AS Lent begins again for another year and millions of people around the world decide what to give up or sacrifice for 40 days, it is a small wonder that this Christian tradition is still respected and followed.
In a world of instant gratification where children freak if a game or movie takes more than five seconds to download, where there is a pill for every ill, an ice-cream flavour for every mood and injections to preserve eternal youth, it is reassuring to know that some traditions are still sacred.
While the actual sacrifices have diminished over the years (does giving up red M&Ms really count?), it seems that there have always been disputes on how long the fast should last for. As far back as the 3rd Century, in 203, St Irenaeus wrote to Pope St Victor I, commenting on the celebration of Easter and the differences between practices in the East and the West: "The dispute is not only about the day, but also about the actual character of the fast. Some think that they ought to fast for one day, some for two, others for still more; some make their 'day' last 40 hours on end . . ."
Over the years, changes have been made to the Lenten observances, making the practices not only simple but also easy to apply. We are now left to our own devices. We are allowed to choose our 'sacrifices' as we see fit. Fasting is no longer a must. But the 40 days have become set in stone. Ash Wednesday still marks the beginning of Lent, which lasts for 40 full days, not including Sundays.
Lent has, over time, reached out beyond the Christian realm. The idea of Lent can be embraced by anyone, religious or otherwise. "What are you giving up for Lent?" is something you hear from all sorts of people with all kinds of religious beliefs. People seem to warm to the idea of giving something up.
Perhaps it is a sign of our overstuffed world – houses crammed with furniture and electronic goods, wardrobes stuffed full of clothes, bags overflowing with products.
But what do we actually give up these days? During Lent you are supposed to give up something personally important, so its absence will remind you of your purpose in giving it up. But we don't want to give something up that is so important that it disrupts our life too much. So, we give up chocolate, but not our iPhone. Bread, but not the internet. Coffee, but not TV.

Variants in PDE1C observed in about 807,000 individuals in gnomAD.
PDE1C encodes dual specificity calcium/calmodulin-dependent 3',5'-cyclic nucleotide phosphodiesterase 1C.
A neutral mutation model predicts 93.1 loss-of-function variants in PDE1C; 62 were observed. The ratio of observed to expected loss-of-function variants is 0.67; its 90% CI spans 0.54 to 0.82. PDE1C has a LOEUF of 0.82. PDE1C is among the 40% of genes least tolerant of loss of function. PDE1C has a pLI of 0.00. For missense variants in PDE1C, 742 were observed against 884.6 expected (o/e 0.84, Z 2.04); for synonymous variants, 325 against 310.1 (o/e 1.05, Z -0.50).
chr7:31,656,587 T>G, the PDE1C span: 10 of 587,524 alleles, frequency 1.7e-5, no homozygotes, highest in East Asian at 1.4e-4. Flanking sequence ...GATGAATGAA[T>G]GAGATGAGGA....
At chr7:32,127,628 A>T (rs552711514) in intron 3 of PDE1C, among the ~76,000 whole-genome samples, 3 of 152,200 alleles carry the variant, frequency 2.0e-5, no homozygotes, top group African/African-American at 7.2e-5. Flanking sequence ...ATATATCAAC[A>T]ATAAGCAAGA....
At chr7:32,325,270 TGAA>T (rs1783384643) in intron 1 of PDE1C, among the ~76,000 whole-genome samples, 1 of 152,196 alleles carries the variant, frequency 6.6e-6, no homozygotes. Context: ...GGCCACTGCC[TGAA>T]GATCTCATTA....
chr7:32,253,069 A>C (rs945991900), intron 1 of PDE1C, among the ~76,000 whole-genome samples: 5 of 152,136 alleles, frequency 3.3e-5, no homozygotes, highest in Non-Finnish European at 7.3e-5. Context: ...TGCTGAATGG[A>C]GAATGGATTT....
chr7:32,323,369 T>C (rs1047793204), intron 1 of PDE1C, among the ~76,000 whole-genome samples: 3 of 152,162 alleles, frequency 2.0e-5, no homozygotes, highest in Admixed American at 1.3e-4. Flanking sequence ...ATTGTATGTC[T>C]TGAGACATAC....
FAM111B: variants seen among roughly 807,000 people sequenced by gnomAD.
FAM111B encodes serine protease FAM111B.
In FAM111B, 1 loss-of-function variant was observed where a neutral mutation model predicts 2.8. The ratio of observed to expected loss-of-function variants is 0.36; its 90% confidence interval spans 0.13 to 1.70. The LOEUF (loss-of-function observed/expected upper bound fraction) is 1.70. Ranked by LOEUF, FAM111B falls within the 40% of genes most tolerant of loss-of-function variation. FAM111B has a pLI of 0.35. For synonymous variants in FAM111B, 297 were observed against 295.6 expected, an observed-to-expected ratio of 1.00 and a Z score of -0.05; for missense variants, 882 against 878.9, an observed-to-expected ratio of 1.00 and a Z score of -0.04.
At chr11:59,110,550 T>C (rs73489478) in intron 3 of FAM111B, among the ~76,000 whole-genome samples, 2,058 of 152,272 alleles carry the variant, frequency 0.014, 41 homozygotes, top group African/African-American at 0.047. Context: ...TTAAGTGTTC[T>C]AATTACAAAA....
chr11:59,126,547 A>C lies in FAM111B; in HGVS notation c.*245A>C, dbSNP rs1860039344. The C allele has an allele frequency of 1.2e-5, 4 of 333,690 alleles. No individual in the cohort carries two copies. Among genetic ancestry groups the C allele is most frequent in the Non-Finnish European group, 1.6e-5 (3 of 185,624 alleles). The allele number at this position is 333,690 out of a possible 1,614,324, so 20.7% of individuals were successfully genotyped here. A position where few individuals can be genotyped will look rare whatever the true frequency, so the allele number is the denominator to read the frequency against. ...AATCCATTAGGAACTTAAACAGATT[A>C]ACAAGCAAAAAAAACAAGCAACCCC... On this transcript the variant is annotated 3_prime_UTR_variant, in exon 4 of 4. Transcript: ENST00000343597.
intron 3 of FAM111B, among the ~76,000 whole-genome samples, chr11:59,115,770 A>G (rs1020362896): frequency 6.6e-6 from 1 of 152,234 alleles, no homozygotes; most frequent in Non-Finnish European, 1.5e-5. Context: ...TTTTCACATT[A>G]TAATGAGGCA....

Twenty-first-century people are not naturally ascetic, and it shows. Fasting lies at the heart of Lent, and most of us are not fasters, unless we're trying to starve ourselves into a dress. We tend to choose our Lenten sacrifices from a very short menu.
When I was growing up we always gave up sweets. This was not taking the easy road. It was actually very difficult as we lived in a house full of treats. To have our cupboards stripped bare for 40 days was hard going. We felt the loss acutely. It was a sacrifice and it did affect us.
This usually resulted in a gorging on Easter Sunday that would have given the Roman feasts a run for their money as we stuffed Easter eggs down our throats until our stomachs ached.
But at least we did it. At least we gave something up and thought about Jesus for more than five seconds. Nowadays, trying to get a child to give up sweets is like asking Posh Spice to eat a Big Mac meal. Modern children don't understand the concept of sacrifice.
My children almost had nervous breakdowns when I suggested they give up sweets for 40 days. We are still working on what they are actually going to give up . . . they keep suggesting broccoli and long walks.
Ask any child which they prefer, Easter or Christmas, and you can be sure Christmas will come out top. And to be fair, apart form the presents, it's an easier 'holiday' to relate to. Children understand about babies being born. It's harder for them to relate to a man nailed to a cross.
It's no wonder Santa is ahead of the Easter Bunny in their affections. Let's just hope that we can keep the Lenten tradition going . . . even if the sacrifices do get smaller.